Seeing the value of hands-on training
Berkeley faculty, optometry residents get best training possible in low vision clinic

By Sarah Yang, Public Affairs

10 July 2002 | Marcie McIntire noticed that her 5-year-old son, Liam, would often close one of his eyes and tilt his head when talking to her. It wasn’t until optometrists at Berkeley examined Liam’s eyes at school that she understood his vision problems.

“They saw that he was sensitive to light, and that he does that head tilt because it helps him orient himself,” said McIntire, who lives in Fremont. Liam was diagnosed at age 2 with cortical vision impairment, a condition characterized by the brain’s inability to consistently understand input from the eyes. “They also corrected the astigmatism on his glasses, which was way off by 180 degrees,” she said.

The university’s School of Optometry has been operating one of the few low vision clinics in the state for more than 40 years, but last May, it expanded services to include an outreach clinic at the California School for the Blind in Fremont. One year after the program began, Berkeley optometrists have conducted comprehensive eye exams for more than 80 students.

“Unfortunately, it can be hard for some families who live far away to make it to our clinic in Berkeley. We saw an opportunity to bring this care to the patients,” said Dr. Edward Revelli, associate dean of clinical affairs at the School of Optometry. Revelli worked with administrators at the school for the blind to launch the program.

Every other Wednesday during the academic school year, low vision specialists Dr. A. Mika Moy, assistant clinical professor of optometry, and Dr. Robert Greer, associate clinical professor of optometry, visit the school. Exams for each patient typically last 90 minutes. The students are examined by the two clinicians and a resident optometrist from campus.

“Many of the students here have multiple disabilities that are associated with their visual impairment, and many doctors have not had experience with these children,” said June Waugh, low vision services coordinator at the school for the blind. “What Robert and Mika have been able to give us is practical understanding of how the children see. They’ve been wonderful answering our questions and sharing our concerns.”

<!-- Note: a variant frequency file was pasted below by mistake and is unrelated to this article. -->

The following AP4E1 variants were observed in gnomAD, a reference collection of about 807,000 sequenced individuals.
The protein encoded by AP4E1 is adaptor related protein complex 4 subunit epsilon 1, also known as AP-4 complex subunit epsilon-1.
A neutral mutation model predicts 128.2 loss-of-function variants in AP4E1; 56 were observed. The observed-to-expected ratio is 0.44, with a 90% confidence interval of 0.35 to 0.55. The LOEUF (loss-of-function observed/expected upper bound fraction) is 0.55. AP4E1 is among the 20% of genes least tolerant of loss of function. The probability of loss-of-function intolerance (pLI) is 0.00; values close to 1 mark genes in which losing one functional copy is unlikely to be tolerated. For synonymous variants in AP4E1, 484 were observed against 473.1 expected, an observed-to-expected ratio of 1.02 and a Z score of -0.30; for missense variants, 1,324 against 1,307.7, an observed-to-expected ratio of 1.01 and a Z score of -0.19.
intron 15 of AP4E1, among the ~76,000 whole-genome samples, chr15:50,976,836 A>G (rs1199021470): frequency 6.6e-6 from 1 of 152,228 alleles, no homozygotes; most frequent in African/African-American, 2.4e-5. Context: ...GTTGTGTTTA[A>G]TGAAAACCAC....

While watching the optometrists conduct the eye exams, it becomes clear that they are able to relate to their young patients. Both the students and parents have noticed.

“I was feeling kind of weird having my eyes out, and my good friend Robert (Greer) helped me get over that fear,” said Justin Kennedy, 17, who was treated in February for an eye infection that required removal of his prosthetic eyes.

That extra motivation helped convince Justin to remove the eyes and allow the doctors to diagnose and treat the infection. After Greer smoothed out the scratches in the prosthetic eye that had been the source of irritation, he told Justin his eyes now looked shiny just in time for that night’s Valentine’s Day dance.

Justin’s reaction? “It was a great success,” said Justin. “I took my girlfriend with me to the dance, and even kissed her on the dance floor.”

McIntire, Liam’s mother, said the optometrists took extra time to explain her son’s condition to her. “At this clinic, they really gave me a lot of information about Liam’s impairment and how he functions, which has been really helpful because no one has ever really done that before,” she said.

Greer explained the secret. “We could see that Justin had an infection, so to persuade him to take the eyes out, we asked him to show us how to remove and insert prosthetic eyes,” said Greer.

There are few eye care professionals available who have the expertise and experience to thoroughly examine low vision patients, and fortunately, Berkeley’s partnership with the California School for the Blind has been mutually beneficial, Revelli noted. The school exposes faculty and optometry residents to a relatively large pool of patients, some with rare conditions they might otherwise never encounter.

“This may change the future of a lot of our graduates who come out of the low vision program,” he said.


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